August 11th, 2017
The Court of Appeal have rejected a father’s attempt to overturn a ruling that there was no practical way to enforce a contact order issued abroad. The case concerned two sisters, aged 12 and 13. The child’s father was Estonian and the Mother was English. The parents had married in 2002 and lived together in England until 2008, where their daughters were born. They then moved to Estonia and lived there till 2013, when the marriage broke down. The mother returned to England without the father’s consent with the two sisters and her two older children from a previous relationship.
The father made an application for the return of his daughters under the Hague Convention on the Civil Aspects of International Child Abduction. In her defence, the mother relied on Article 13b of the convention, which states that;
“there is a grave risk that his or her return would expose the child to physical or psychological harm or otherwise place the child in an intolerable situation.”
The mother claimed that the father had subjected them to domestic violence and sexually assaulted their oldest daughter. Mr Justice Roderic Wood ruled that protective measures in place meant that the threshold for a valid defence under Article 13(b) had failed. However he ruled against the father on the grounds that the two sisters objected to returning.
The father applied for contact in the Estonian courts. Following a series of hearings, he was granted an order which stated he had the right to see the children once a month, in the presence of a third party. The mother was ordered not to interfere by the Estonian courts. The Estonian authorities acknowledged that the girls had not met their father for more than a year at that point and might be reluctant to see him. Nevertheless, the order was described as being in the children’s best interests.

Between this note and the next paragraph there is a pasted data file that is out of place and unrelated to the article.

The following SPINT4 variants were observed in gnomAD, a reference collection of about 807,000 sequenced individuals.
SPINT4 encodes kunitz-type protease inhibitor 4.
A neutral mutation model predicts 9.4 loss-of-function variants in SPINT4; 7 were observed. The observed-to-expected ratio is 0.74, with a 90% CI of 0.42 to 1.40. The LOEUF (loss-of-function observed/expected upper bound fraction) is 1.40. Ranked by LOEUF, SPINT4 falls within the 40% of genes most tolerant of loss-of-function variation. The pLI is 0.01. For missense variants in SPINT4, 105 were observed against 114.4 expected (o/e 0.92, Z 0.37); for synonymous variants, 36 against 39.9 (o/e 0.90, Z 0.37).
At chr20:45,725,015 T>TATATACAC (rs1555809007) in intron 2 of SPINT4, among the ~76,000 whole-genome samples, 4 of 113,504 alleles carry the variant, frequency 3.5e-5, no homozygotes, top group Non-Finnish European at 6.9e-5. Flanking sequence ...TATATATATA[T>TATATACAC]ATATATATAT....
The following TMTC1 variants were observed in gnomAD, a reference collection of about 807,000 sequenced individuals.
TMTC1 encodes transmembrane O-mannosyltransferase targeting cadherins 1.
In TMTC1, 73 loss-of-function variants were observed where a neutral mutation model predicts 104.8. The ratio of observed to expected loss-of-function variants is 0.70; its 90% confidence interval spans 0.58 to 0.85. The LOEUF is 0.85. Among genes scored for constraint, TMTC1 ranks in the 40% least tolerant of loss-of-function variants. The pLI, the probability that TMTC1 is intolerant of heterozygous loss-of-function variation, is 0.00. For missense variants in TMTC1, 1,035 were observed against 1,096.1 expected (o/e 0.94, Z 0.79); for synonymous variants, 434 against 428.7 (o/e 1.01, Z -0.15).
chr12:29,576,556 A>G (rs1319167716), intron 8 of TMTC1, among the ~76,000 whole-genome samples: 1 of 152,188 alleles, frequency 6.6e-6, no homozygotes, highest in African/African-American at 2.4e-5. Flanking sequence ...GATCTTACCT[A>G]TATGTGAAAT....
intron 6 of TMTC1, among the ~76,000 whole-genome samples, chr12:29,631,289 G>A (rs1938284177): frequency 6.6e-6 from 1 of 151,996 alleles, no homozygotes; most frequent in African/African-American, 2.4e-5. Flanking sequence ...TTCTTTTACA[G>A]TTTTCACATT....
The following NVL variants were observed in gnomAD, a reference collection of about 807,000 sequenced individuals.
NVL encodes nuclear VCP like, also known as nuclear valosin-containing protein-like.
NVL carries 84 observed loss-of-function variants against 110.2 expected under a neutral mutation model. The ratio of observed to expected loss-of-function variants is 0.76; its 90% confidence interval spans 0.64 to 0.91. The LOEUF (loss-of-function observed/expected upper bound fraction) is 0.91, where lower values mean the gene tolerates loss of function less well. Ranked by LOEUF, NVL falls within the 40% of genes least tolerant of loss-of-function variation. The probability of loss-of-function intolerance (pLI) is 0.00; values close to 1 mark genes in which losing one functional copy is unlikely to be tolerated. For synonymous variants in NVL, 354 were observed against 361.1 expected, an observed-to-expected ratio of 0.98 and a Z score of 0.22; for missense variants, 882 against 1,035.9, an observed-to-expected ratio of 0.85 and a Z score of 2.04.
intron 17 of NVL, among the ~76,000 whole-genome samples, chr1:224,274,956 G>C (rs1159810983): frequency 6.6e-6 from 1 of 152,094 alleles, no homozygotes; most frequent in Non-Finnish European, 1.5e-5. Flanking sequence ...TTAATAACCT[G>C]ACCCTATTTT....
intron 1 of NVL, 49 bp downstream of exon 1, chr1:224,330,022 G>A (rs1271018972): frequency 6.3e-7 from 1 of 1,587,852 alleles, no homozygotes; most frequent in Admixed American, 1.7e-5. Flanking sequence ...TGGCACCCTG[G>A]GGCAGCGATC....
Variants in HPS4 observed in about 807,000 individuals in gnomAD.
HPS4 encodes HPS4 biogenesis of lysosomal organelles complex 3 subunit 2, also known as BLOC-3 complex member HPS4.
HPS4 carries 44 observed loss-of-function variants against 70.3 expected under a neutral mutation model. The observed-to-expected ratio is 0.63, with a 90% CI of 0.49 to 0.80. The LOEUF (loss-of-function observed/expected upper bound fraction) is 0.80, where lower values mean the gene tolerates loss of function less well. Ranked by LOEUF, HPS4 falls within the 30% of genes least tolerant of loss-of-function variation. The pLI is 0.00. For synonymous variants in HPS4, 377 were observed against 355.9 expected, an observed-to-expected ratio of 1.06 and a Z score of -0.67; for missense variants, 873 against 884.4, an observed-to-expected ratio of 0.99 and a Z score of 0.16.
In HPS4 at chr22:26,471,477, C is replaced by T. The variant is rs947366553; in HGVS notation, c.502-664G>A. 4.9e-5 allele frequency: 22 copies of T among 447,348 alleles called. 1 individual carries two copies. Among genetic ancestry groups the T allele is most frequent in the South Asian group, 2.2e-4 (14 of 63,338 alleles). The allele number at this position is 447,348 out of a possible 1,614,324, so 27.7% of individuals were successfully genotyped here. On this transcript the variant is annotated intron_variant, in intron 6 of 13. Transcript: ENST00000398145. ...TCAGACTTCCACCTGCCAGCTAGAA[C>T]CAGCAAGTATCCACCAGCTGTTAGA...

Mr Justice Moylan considered the father’s application to have the order enforced and concluded that while technically valid, it was not practically enforceable in this country. This was because the Estonian authorities had specified that visits had to be supervised and there was no authority or professional available to conduct this supervision.
In the Court of Appeal, Lady Justice Black reiterated Mr Justice Moylan’s decision. She declared that enforcing the order would place obligations on the Local Authority that could not be done and there was no practical way to enforce the Estonian order. The father’s appeal was dismissed.
Stacey qualified as a Solicitor in 2011 having completed her training with Hine Solicitors in Beaconsfield. Stacey has since worked for the Legal 500 firm, Duncan Lewis Solicitors in London. Stacey has extensive experience in all areas of family law including advising clients in relation to co-habitation, divorce, matrimonial finances, pre & post-nuptial agreements. Stacey was delighted to join specialist practice Hawkins Family Law (The Legal 500 2015 recommends the team as “exemplary”) in February 2016 and has considerable experience resolving children issues whether they are in relation to where a child should live or issues regarding contact.
Hawkins Family Law fields 'a very professional team that delivers a high-class service and has strength-in-depth from senior to junior level'. Managing director and team head Jo Hawkins provides 'clear and accurate advice and moral support through often testing times for her clients; she focuses on deriving the best long-term outcome for her client and other parties'. The practice has particular strength financial matters, including divorce and ToLATA proceedings. Other key figures include Loraine Davenport, who has strong collaborative law expertise and handles complex children cases and high-net-worth ancillary relief matters; Annabel Hayward, who focuses on complex financial provision and co-habitation matters; and Stacey St Clair.
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